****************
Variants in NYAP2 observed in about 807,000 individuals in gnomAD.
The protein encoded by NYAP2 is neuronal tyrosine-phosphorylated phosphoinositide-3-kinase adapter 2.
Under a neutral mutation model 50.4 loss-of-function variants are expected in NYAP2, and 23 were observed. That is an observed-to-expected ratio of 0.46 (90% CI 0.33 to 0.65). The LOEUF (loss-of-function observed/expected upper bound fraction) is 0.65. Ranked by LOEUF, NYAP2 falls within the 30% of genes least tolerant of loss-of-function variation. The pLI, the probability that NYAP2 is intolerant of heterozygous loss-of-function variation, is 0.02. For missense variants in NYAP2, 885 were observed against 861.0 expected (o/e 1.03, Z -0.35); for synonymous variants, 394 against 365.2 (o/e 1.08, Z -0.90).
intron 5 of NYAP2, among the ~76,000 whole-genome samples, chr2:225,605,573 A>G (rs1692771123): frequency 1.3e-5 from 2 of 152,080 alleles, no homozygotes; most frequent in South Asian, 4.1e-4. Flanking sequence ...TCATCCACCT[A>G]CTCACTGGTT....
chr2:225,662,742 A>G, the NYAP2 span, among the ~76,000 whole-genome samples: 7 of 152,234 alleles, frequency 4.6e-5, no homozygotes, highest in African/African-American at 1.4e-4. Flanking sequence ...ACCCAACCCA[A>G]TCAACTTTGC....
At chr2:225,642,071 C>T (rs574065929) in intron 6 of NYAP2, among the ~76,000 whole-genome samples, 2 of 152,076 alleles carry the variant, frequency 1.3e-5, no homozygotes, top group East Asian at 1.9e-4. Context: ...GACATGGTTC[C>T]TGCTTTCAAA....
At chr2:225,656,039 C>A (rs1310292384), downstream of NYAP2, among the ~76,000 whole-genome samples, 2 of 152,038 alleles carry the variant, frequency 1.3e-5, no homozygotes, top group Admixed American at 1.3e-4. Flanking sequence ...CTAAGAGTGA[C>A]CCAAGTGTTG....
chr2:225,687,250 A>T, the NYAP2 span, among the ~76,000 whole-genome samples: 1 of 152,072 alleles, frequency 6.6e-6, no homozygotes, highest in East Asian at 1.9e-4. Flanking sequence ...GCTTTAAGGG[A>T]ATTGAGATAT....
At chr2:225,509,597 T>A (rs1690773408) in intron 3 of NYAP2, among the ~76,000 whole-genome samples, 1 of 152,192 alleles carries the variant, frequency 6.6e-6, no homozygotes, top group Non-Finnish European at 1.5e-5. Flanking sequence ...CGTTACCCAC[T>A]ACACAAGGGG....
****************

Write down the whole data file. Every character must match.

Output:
Variants in NYAP2 observed in about 807,000 individuals in gnomAD.
The protein encoded by NYAP2 is neuronal tyrosine-phosphorylated phosphoinositide-3-kinase adapter 2.
Under a neutral mutation model 50.4 loss-of-function variants are expected in NYAP2, and 23 were observed. That is an observed-to-expected ratio of 0.46 (90% CI 0.33 to 0.65). The LOEUF (loss-of-function observed/expected upper bound fraction) is 0.65. Ranked by LOEUF, NYAP2 falls within the 30% of genes least tolerant of loss-of-function variation. The pLI, the probability that NYAP2 is intolerant of heterozygous loss-of-function variation, is 0.02. For missense variants in NYAP2, 885 were observed against 861.0 expected (o/e 1.03, Z -0.35); for synonymous variants, 394 against 365.2 (o/e 1.08, Z -0.90).
intron 5 of NYAP2, among the ~76,000 whole-genome samples, chr2:225,605,573 A>G (rs1692771123): frequency 1.3e-5 from 2 of 152,080 alleles, no homozygotes; most frequent in South Asian, 4.1e-4. Flanking sequence ...TCATCCACCT[A>G]CTCACTGGTT....
chr2:225,662,742 A>G, the NYAP2 span, among the ~76,000 whole-genome samples: 7 of 152,234 alleles, frequency 4.6e-5, no homozygotes, highest in African/African-American at 1.4e-4. Flanking sequence ...ACCCAACCCA[A>G]TCAACTTTGC....
At chr2:225,642,071 C>T (rs574065929) in intron 6 of NYAP2, among the ~76,000 whole-genome samples, 2 of 152,076 alleles carry the variant, frequency 1.3e-5, no homozygotes, top group East Asian at 1.9e-4. Context: ...GACATGGTTC[C>T]TGCTTTCAAA....
At chr2:225,656,039 C>A (rs1310292384), downstream of NYAP2, among the ~76,000 whole-genome samples, 2 of 152,038 alleles carry the variant, frequency 1.3e-5, no homozygotes, top group Admixed American at 1.3e-4. Flanking sequence ...CTAAGAGTGA[C>A]CCAAGTGTTG....
chr2:225,687,250 A>T, the NYAP2 span, among the ~76,000 whole-genome samples: 1 of 152,072 alleles, frequency 6.6e-6, no homozygotes, highest in East Asian at 1.9e-4. Flanking sequence ...GCTTTAAGGG[A>T]ATTGAGATAT....
At chr2:225,509,597 T>A (rs1690773408) in intron 3 of NYAP2, among the ~76,000 whole-genome samples, 1 of 152,192 alleles carries the variant, frequency 6.6e-6, no homozygotes, top group Non-Finnish European at 1.5e-5. Flanking sequence ...CGTTACCCAC[T>A]ACACAAGGGG....